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Hi,

I would like to ask about two sentences I've recently encountered in test.

1.)We had expected that they ___ fluent English, but in fact they didn’t.

A The correct option was "would speak". But I don't know why It can not be "spoke" as well.

B I assume that past perfect is optional and it would suffice to use past simple.

C If I transform this sentence into present time except the second part(but in fact ...) It will look like this:
We expect that they (will) speak fluent English. - is it OK? Can I use "we are expecting"?

2.)What ___ this weekend, Peter?

Would it be OK, in terms of grammar, If I say "will you do"? The correct option was  "are you doing" which is definetly OK with me.  But in my opinion, this question is related to the future events so It should be possible and acceptable to use "will you do" as well. 

I would be grateful If you answer any of these questions.  I'm interested in answers from a grammatical point of view. I'm not looking for the most appropriate options.

Thank you very much
Martin 
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Hello Martin,

1. We had expected that they spoke fluent English, but in fact they didn't.

2. ?We expected that they spoke fluent English, but in fact they didn't.

3. We had expected that they would speak fluent English, but in fact they didn't.

4. We expected that they would speak fluent English, but in fact they didn't.

I would accept #1 too: whereas "they would speak..." in #3 seems to refer to a particular incident, "that they spoke..." in #1 sounds like a general assessment.

Changing #1 to a present simple seems to remove that possibility, though: it sounds a little odd.

On the other hand, changing #3 to a present simple sounds fine. Perhaps some speakers would prefer an "object + infinitive" structure:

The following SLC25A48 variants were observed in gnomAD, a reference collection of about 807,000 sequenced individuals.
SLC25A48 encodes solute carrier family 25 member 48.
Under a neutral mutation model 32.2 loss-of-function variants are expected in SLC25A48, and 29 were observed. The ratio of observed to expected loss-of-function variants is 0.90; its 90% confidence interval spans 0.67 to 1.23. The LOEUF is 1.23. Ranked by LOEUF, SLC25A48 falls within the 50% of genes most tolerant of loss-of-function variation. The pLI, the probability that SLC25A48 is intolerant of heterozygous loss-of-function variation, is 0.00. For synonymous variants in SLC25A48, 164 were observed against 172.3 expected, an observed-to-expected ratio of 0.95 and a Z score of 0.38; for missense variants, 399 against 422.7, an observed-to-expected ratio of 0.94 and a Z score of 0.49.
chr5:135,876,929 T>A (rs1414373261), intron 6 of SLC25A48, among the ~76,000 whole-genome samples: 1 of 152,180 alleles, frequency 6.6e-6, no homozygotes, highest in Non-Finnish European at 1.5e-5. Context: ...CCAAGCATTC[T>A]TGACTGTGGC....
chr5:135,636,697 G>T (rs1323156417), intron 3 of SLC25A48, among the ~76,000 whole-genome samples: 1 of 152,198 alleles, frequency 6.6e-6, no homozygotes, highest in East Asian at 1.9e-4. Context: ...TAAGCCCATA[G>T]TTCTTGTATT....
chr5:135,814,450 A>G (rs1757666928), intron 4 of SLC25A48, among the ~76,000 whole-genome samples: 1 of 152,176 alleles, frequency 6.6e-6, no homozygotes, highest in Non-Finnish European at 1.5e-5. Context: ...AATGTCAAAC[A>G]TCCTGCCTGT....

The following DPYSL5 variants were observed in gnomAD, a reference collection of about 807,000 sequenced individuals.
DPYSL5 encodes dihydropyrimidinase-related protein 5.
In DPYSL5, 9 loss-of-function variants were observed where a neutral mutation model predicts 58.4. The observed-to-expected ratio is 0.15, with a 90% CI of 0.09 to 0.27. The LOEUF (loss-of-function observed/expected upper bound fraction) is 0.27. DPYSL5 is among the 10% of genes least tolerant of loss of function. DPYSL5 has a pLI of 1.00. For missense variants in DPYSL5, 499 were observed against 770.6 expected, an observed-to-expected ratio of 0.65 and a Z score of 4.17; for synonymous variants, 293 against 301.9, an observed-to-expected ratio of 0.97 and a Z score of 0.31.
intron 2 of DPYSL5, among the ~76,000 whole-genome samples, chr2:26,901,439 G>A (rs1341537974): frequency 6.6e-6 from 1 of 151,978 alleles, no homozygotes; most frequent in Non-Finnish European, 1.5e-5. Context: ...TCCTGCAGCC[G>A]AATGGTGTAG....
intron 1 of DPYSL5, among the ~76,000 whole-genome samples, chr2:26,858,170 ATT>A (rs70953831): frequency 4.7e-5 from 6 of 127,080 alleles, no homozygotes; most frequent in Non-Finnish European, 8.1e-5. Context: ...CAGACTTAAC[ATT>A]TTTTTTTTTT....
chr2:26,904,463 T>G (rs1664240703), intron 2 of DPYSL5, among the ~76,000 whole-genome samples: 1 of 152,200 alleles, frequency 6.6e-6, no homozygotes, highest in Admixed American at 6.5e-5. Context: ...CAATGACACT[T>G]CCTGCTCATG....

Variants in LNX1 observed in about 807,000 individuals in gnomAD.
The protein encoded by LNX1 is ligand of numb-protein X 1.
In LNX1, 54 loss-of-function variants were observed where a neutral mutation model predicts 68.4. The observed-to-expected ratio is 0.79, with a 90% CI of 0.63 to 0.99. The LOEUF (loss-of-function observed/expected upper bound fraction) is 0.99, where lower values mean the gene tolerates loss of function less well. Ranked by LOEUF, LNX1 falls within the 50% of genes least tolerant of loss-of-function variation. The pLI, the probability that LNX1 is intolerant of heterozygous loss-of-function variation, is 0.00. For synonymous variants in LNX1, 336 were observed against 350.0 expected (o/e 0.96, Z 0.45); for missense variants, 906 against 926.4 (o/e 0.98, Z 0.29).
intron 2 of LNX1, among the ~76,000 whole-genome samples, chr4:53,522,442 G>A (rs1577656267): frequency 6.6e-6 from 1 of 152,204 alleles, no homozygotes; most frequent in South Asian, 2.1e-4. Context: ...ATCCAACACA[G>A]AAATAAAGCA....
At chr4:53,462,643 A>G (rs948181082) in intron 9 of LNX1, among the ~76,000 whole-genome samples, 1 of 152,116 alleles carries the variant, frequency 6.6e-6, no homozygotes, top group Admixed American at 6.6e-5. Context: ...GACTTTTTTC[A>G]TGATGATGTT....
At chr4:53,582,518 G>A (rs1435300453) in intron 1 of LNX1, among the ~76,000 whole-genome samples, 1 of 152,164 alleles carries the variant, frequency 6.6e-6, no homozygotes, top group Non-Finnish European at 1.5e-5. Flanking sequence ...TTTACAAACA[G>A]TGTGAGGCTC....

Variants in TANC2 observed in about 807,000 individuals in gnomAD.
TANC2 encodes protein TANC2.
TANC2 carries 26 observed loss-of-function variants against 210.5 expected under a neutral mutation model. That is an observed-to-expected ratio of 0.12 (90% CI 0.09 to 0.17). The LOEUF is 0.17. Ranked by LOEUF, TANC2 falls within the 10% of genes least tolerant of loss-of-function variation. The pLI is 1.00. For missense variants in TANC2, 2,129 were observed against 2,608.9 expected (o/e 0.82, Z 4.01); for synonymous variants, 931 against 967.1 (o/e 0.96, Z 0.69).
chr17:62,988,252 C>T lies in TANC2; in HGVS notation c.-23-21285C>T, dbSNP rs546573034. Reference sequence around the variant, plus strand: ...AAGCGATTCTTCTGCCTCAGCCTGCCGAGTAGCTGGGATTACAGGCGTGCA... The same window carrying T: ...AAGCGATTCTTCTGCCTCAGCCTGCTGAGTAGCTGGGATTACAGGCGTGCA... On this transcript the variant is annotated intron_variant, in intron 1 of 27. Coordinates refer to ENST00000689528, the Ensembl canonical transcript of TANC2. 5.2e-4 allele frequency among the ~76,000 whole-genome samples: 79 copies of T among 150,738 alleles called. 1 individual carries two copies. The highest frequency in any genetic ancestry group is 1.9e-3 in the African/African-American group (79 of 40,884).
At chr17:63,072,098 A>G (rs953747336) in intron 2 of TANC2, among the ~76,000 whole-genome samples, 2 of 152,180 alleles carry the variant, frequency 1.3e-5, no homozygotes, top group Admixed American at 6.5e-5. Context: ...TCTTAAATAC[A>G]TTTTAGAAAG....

5. We expected them to speak fluent English.

Best wishes,

MrP
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Hi Martin,

We had expected that they would speak fluent English, but in fact they didn’t.

To my ear, it means that we expected that they would speak fluent English during a particular time in the future(like a meeting), which can be influenced by some extralinguistic factors (for example, when someone is intoxicated they usually have problems speaking fluently Emotion: smile )

We had expected that they spoke fluent English, but in fact they didn’t.

Here, we expected that they were fluent speakers in general, not on a particular occasion, but it turned out later that in fact they were not.

So both should be correct, I think, but their meanings are different. And I would stick to Past Perfect in this case.

As far as your second question is concerned, "what are you doing this weekend" is a natural way of asking somebody about their plans for the nearest future, whereas questions about future put in Future Simple are not so neutral. For example:

Will you help me (asking sb a favour, not asking if they are willing to help)
Will you come to me (invitation rather than asking about their plans)

Michal